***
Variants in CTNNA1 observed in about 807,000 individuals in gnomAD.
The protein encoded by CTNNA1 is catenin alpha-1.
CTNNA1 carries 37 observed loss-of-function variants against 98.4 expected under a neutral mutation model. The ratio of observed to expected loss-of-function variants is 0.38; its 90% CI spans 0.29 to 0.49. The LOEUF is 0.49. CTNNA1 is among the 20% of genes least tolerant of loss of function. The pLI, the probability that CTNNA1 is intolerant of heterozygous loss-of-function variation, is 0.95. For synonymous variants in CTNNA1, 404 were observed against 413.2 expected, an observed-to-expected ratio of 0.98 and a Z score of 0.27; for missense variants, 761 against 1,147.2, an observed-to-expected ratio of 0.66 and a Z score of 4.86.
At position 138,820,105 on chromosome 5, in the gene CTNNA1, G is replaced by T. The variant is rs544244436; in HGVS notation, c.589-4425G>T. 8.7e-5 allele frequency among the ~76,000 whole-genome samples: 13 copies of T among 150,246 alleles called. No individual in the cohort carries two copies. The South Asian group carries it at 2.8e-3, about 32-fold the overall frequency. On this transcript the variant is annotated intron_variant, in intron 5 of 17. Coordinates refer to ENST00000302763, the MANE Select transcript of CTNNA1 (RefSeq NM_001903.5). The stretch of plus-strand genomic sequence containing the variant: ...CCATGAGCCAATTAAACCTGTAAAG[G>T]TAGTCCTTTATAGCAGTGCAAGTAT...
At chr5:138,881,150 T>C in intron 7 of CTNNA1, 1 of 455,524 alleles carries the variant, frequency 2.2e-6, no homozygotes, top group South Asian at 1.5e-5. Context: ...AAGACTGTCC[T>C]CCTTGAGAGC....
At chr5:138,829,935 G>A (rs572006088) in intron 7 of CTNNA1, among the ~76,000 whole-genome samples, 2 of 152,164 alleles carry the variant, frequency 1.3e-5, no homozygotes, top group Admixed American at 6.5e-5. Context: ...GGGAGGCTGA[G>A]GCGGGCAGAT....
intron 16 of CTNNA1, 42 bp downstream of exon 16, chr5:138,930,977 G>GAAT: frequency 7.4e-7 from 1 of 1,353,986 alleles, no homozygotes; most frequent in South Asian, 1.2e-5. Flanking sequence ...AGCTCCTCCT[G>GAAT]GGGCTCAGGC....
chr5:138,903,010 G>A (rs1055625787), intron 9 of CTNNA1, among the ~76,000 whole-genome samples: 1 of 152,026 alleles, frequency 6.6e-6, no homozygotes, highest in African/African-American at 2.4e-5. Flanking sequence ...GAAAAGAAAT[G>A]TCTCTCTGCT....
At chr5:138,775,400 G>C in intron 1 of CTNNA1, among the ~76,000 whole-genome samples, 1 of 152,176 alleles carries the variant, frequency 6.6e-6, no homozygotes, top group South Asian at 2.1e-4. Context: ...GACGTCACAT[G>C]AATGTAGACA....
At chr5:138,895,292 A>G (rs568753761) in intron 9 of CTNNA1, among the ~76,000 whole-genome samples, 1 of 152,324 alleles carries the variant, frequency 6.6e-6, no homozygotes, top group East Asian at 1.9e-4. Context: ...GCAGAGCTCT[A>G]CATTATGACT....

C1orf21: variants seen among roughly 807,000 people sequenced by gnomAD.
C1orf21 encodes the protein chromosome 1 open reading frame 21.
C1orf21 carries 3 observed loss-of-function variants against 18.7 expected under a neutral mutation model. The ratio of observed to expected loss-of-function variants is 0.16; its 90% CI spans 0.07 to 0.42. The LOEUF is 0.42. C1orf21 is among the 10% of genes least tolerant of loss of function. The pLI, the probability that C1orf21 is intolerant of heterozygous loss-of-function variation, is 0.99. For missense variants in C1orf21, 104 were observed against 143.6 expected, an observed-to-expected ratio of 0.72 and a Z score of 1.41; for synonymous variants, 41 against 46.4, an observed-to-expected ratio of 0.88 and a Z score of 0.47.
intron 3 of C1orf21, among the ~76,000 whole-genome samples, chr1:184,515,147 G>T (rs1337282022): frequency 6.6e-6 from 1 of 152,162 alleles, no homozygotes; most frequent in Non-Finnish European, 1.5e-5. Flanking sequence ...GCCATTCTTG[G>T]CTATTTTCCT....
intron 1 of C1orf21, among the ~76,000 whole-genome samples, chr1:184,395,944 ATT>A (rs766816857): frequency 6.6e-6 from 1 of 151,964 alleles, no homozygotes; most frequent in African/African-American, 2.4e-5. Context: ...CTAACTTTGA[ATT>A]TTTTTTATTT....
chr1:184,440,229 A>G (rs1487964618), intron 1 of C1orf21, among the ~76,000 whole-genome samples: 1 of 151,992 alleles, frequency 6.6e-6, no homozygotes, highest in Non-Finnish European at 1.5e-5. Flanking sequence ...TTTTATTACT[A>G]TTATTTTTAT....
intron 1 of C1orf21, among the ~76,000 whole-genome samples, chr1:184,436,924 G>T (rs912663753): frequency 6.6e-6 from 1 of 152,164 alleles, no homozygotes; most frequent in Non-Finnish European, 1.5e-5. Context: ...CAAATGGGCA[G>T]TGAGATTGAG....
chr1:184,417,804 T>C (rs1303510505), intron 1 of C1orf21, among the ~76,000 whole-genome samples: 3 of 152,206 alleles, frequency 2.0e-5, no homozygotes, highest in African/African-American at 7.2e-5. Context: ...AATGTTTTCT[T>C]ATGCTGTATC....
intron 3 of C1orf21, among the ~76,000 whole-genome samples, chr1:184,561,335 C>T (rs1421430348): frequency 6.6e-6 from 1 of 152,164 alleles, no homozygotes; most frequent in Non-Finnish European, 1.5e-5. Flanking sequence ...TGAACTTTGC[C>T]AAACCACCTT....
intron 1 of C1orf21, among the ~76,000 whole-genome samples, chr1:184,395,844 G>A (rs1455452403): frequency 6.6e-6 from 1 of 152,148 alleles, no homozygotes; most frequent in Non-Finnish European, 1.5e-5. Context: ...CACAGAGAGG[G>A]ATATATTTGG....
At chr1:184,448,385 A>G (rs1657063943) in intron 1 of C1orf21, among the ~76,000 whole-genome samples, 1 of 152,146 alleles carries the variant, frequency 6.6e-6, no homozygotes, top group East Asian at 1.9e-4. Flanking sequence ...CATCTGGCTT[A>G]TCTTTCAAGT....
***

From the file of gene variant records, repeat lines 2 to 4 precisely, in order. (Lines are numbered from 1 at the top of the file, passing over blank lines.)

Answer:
The protein encoded by CTNNA1 is catenin alpha-1.
CTNNA1 carries 37 observed loss-of-function variants against 98.4 expected under a neutral mutation model. The ratio of observed to expected loss-of-function variants is 0.38; its 90% CI spans 0.29 to 0.49. The LOEUF is 0.49. CTNNA1 is among the 20% of genes least tolerant of loss of function. The pLI, the probability that CTNNA1 is intolerant of heterozygous loss-of-function variation, is 0.95. For synonymous variants in CTNNA1, 404 were observed against 413.2 expected, an observed-to-expected ratio of 0.98 and a Z score of 0.27; for missense variants, 761 against 1,147.2, an observed-to-expected ratio of 0.66 and a Z score of 4.86.
At position 138,820,105 on chromosome 5, in the gene CTNNA1, G is replaced by T. The variant is rs544244436; in HGVS notation, c.589-4425G>T. 8.7e-5 allele frequency among the ~76,000 whole-genome samples: 13 copies of T among 150,246 alleles called. No individual in the cohort carries two copies. The South Asian group carries it at 2.8e-3, about 32-fold the overall frequency. On this transcript the variant is annotated intron_variant, in intron 5 of 17. Coordinates refer to ENST00000302763, the MANE Select transcript of CTNNA1 (RefSeq NM_001903.5). The stretch of plus-strand genomic sequence containing the variant: ...CCATGAGCCAATTAAACCTGTAAAG[G>T]TAGTCCTTTATAGCAGTGCAAGTAT...